A boy with achievements so impressive and a smile so radiant, you don’t notice the wheelchair he uses to get around. A woman who spent most of her life reviving the lost and forgotten crafts of India, and a man who made it his life’s mission to save rainwater. A group of youngsters who went the extra mile to pass on the gift of education and a ‘lion-hearted’ cardiologist who serves celebrities and manual labourers alike. These were the people handpicked by the Rotary Club of Chennai Towers (RCCT), to receive awards and citations for their contribution to society at an elegant award ceremony in the city on Thursday.
Receiving his Young Achiever award, a beaming Karthik Chandrasekhar drew a standing ovation when he made his acceptance speech. The inspiring young man did not let the physical limitations of cerebral palsy get in the way of his ambitions – to become a chess player, a quiz whiz, an M Phil graduate and an entrepreuner who runs his own library.
RCCT’s For the Sake of Honour award was presented to Vijaya Rajan, chairperson of the Crafts Council of India. Accepting her award, Rajan said, “The Crafts Council of India works towards revitalising craft communities and preserving centuries-old techniques that are dying out. We support traditional craftsmen, and offer their children a regular education, so they can also learn the hand skills that have been passed down through the generations, so they can continue the crafts.”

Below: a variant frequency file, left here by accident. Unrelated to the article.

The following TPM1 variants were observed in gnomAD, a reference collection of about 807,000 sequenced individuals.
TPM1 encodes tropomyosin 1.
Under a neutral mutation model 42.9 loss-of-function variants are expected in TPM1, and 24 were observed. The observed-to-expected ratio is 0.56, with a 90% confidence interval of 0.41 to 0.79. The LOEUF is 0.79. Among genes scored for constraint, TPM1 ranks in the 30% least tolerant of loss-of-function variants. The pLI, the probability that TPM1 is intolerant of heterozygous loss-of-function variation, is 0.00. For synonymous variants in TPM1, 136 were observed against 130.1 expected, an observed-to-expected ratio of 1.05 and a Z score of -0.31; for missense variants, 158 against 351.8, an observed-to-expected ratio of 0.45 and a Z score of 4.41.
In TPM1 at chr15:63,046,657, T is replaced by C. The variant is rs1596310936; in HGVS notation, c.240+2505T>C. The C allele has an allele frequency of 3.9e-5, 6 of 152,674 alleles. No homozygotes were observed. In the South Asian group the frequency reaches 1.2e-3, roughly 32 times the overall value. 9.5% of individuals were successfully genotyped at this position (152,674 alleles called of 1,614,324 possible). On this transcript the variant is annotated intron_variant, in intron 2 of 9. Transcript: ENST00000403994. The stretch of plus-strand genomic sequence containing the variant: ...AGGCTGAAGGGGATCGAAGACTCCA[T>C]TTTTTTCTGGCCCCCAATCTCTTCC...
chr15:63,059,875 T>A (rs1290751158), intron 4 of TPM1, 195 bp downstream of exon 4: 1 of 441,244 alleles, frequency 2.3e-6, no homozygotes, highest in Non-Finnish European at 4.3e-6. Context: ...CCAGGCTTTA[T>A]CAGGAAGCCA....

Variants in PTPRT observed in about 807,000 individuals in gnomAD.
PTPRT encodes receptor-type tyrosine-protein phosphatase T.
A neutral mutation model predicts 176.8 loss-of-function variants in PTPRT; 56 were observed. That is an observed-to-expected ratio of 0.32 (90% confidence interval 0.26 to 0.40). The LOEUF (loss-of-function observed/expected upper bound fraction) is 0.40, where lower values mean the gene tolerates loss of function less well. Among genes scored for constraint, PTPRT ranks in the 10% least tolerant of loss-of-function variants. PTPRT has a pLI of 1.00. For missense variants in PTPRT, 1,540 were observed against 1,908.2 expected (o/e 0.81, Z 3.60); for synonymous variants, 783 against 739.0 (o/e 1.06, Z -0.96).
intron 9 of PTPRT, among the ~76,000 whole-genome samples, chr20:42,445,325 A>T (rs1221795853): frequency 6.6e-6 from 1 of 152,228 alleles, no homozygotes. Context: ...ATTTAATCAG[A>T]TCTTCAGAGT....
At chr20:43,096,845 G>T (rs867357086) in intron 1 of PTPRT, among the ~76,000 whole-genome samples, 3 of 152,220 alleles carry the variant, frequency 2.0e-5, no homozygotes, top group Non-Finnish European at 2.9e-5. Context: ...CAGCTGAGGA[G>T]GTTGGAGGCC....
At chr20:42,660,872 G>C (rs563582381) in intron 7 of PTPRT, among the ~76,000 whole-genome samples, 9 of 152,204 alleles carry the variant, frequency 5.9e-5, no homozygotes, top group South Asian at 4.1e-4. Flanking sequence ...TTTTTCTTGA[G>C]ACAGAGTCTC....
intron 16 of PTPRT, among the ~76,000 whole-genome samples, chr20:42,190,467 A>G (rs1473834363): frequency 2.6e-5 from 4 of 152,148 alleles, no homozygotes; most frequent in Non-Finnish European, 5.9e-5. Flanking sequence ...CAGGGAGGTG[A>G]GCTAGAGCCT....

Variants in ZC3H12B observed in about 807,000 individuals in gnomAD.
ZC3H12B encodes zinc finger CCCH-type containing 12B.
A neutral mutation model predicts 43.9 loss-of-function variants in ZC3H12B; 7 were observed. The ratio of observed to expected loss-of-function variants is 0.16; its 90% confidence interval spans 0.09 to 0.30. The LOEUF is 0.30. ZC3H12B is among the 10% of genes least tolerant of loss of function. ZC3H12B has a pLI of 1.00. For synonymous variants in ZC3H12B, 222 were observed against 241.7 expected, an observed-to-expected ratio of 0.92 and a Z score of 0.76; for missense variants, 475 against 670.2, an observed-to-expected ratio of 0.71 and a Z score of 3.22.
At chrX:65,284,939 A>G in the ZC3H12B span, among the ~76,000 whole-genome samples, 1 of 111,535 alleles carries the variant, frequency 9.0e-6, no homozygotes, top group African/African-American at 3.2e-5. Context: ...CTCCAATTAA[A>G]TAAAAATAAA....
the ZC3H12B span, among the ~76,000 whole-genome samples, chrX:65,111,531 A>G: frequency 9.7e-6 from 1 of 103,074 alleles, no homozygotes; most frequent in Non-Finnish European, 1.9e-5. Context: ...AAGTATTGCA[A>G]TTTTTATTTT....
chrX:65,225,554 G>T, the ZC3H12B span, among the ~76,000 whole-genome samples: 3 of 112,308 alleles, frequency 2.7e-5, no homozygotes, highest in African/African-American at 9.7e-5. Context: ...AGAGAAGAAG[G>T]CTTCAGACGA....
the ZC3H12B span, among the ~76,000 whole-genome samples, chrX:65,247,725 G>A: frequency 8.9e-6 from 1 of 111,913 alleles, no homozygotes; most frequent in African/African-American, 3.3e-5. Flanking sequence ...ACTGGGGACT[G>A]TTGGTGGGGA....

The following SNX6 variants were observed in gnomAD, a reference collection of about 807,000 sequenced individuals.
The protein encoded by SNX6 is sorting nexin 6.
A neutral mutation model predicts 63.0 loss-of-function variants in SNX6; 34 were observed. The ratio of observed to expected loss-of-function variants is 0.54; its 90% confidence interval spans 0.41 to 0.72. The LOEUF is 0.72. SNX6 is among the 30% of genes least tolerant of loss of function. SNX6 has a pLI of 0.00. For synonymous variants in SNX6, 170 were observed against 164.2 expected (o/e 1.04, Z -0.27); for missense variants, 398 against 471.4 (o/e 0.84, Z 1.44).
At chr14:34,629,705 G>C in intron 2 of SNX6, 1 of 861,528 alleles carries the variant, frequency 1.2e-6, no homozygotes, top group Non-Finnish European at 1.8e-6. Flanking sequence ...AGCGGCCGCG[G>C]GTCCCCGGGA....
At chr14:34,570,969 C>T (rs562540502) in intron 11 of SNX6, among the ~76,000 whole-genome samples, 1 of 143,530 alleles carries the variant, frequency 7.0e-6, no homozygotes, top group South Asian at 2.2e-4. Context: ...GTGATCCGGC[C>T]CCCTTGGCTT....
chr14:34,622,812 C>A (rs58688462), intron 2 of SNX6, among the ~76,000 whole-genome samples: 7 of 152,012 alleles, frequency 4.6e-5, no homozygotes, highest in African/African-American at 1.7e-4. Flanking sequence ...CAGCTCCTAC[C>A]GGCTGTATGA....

By supporting traditional crafts, CCI also ensures that these families do not move to the cities to live poverty-stricken lives in dirty slums and work in industries, she added.
The award for excellence in the field of education was awarded to NGO Bhumi, the countries largest youth volunteer body. “Our volunteers are aged between 18 and 30, and are mostly college students and working professionals. They mentor poor children and kids from rural schools, teaching them maths, science and computer science. The volunteers also offer kids career counseling,” said Dr Prahalathan, one of the founders of the NGO.
Dr Sekar ‘Rainman’ Raghavan received the award of excellence in the field of environmental campaigning, for his untiring efforts to make people realise the importance of rainwater harvesting. “I have come a long way from the days when I used to be chased away by watchmen of high-rise apartments,” says Raghavan, who single-handledly implemented and created awareness about the concept, through his organisation ‘Rain Centre’. The Lifetime Achievment award for medicine was presented to veteran cardiologist Dr Sivakadaksham, who is revered as a savior by poor patients. The doctor manages to raise funds from friends and family to operate on needy patients, free of cost.